Based on the budding position and morphology, avicularia are classified into four types: vicarious avicularia, interzooidal avicularia, adventitious avicularia and vibracula (Carter et al., 2010). Vicarious avicularia, which have enlarged opercula and are similar to autozooids in size, occupy the autozooid positions and interact with other zooids. Interzooidal avicularia are budded between autozooids. Their cystids extend to the substratum and they are always smaller than the parent autozooid. Adventitious avicularia (including birds-head avicularia) are budded on the lateral, frontal or basal walls of autozooids. Vibracula show unique morphologies such as setiform mandibles that can rotate, so that they are considered to be specialized types of avicularia for removal of sediments and larvae that are attached to the surface of bryozoan colonies (Ryland, 1970; Schopf, 1973; Cook and Chimonides, 1978, 1985, 1987; Winston, 1984; McKinney and Jackson, 1989).

Fig. 1.

Structures of autozooids and avicularia in Bugulina californica. (A) Anatomical structures of an autozooid and an avicularium, showing the homologous body parts. (B) A part of a living colony of B. californica, with a lateral view of an avicularium (inset). (C) SEM image of B. californica, showing that avicularia are associated with all autozooids, showing the distinctive features of adventitious avicularia. Abbreviations: av avicularium; az autozooid; cy cystid; o ovicell.


Aviculiferous fossil bryozoans show that avicularia have been transformed from autozooids, through vicarious avicularia (Cheetham et al., 2006). This was also proved by the evidence, as mentioned above, that avicularia possess homologous body structures and organs to those in autozooids (Fig. 1A; Cook, 1968; Lidgard et al., 2012).

However, the developmental process of the avicularium, especially in relation to environmental cues such as temperature, has not been extensively investigated. Only a few descriptions have been carried out so far in a few species; immature avicularia in five different developmental stages were observed in Bugula sabatieri (currently synonymized as Bugulina simplex) (Calvet, 1900), and a developmental comparison of polypide and operculum in autozooid and avicularia at four different stages was reported in Flustra foliacea (Silén, 1938).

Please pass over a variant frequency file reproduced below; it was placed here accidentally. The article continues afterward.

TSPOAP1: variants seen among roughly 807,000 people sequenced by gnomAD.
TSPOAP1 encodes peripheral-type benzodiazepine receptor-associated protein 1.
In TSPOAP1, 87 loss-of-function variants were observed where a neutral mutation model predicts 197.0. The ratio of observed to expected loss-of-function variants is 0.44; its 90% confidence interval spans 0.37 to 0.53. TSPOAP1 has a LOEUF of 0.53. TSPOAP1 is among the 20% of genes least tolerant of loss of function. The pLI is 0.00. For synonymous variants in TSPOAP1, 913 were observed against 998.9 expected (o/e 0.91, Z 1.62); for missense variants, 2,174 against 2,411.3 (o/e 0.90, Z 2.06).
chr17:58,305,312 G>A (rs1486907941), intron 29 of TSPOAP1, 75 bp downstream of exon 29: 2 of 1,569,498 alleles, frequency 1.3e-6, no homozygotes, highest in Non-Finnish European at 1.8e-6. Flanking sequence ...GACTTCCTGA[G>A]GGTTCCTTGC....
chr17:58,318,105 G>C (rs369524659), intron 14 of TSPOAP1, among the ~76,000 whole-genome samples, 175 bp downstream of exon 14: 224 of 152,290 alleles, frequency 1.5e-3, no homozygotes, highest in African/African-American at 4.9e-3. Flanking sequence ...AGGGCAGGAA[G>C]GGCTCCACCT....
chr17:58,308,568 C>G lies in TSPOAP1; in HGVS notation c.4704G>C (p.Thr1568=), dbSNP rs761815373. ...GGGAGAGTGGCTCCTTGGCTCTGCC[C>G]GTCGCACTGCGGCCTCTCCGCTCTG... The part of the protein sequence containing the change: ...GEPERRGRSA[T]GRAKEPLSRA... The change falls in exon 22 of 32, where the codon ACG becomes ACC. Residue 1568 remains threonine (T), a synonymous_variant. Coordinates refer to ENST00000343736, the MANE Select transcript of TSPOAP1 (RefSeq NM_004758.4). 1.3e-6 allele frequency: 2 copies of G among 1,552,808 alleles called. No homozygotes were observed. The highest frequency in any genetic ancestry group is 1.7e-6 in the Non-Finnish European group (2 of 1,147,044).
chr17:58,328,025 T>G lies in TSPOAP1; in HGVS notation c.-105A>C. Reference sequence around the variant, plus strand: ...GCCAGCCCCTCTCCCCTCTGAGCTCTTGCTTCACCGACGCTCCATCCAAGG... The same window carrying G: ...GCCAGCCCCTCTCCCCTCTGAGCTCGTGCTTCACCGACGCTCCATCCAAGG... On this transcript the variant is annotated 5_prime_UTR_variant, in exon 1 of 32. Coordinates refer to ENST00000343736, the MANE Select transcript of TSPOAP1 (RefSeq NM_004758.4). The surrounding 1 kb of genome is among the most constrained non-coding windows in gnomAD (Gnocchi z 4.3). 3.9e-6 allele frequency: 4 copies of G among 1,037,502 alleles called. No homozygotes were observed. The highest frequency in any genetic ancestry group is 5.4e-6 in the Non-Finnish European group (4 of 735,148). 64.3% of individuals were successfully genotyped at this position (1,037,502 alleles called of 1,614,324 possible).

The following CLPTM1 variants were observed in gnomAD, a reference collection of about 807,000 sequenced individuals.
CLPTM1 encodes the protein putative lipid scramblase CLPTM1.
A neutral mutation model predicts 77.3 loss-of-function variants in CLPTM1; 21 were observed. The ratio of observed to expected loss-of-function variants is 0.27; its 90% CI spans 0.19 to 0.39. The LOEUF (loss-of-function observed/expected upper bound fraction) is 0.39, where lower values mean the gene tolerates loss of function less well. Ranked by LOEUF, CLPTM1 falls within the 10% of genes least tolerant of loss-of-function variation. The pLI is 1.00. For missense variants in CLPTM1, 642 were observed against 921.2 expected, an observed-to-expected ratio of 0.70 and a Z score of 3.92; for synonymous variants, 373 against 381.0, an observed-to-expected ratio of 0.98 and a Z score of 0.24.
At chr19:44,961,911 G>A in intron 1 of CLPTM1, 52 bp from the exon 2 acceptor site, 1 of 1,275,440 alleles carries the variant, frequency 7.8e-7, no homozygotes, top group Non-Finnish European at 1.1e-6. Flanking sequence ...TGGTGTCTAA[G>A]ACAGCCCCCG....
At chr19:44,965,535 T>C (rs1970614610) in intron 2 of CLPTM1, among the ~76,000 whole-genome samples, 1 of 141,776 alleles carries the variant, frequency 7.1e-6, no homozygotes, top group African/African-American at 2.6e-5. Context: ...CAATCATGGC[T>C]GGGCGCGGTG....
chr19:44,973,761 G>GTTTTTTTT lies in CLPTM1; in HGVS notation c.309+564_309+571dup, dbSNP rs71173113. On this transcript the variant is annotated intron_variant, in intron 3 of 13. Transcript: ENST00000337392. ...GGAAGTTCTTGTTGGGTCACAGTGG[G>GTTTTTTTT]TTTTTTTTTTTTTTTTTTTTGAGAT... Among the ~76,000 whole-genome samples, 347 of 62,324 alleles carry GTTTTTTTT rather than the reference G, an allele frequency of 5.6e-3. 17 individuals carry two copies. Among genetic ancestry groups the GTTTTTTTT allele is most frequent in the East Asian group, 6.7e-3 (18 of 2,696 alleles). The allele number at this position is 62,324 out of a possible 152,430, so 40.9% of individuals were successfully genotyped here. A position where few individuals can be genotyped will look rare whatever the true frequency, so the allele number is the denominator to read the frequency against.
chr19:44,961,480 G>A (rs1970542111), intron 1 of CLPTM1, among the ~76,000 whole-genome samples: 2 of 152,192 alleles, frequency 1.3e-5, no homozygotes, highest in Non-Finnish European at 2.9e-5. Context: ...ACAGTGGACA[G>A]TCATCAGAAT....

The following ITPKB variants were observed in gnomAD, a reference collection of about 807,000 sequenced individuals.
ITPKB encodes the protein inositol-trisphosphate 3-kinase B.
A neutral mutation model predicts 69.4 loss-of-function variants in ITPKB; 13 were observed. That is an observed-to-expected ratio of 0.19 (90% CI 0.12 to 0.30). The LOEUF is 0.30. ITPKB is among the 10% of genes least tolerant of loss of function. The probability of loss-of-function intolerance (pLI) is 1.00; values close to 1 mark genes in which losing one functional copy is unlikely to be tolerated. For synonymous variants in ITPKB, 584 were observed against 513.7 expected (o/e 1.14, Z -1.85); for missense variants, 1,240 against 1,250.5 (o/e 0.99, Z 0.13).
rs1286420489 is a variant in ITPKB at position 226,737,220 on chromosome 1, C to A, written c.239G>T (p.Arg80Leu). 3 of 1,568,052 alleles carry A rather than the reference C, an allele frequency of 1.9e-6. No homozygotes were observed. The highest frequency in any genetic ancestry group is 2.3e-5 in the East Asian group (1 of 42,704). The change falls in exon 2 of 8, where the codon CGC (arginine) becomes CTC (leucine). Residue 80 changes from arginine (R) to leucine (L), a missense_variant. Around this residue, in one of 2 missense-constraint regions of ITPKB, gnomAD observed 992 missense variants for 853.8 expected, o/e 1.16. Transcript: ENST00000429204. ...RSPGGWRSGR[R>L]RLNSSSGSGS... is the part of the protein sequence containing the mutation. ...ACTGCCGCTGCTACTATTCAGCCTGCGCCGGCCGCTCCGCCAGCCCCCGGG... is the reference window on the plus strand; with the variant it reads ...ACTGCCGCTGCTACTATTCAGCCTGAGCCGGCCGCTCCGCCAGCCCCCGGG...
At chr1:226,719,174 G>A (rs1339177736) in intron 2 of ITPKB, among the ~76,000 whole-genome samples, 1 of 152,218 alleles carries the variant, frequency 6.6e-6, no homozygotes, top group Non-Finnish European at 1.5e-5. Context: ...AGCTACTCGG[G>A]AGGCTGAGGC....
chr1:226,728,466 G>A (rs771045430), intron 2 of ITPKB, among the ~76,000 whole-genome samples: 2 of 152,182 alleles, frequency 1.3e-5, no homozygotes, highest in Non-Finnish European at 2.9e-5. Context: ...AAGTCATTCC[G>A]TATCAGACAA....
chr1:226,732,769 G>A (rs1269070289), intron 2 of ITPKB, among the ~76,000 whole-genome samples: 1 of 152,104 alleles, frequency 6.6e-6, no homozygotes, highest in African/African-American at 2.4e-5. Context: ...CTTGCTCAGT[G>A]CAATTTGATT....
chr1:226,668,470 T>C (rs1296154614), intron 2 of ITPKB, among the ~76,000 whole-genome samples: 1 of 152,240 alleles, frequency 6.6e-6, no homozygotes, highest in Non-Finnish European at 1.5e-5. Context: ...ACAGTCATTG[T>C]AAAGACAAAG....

As for the developmental process of autozooids, only developmental stages of the polypide including the lophophore, digestive tube and ganglion, have so far been described (Borg, 1926; Soule, 1954; Schwaha and Wood, 2011; Schwaha et al., 2011; Schwaha, 2018); the processes of cystid and musculature formation have not been investigated. Besides, the budding process of the avicularium polypide was previously described in an old publication with a few sketches (Calvet, 1900). However, sequential development during avicularium formation has yet to be described.

In this study, to clarify the developmental process of avicularium formation in detail, we established an observation platform in a bryozoan species that constantly produces avicularia and is easy to collect and maintain in laboratories. This study focuses on a bryozoan species, Bugulina californica (Cheilostomata, Bugulidae), that produces birds-head avicularia; namely, each autozooid has an avicularium budding on its surface (Fig. 1B, C; Robertson, 1905).

This species was firstly described from California, but is known to be distributed in East Asian regions (Robertson, 1905; Lutaenko et al., 2013). The budding position of the adventitious avicularia is on the distal half of an autozooid, which is on a side wall of the orifice (opening for the extending lophophore) (Robertson, 1905). This indicates that the budding position of avicularia is autonomously defined in the autozooid body; in other words, it is suggested that the developmental program of avicularia formation is incorporated in the developmental process of autozooids. Thus, since the site of avicularium formation is predetermined, the developmental process can be observed from inception.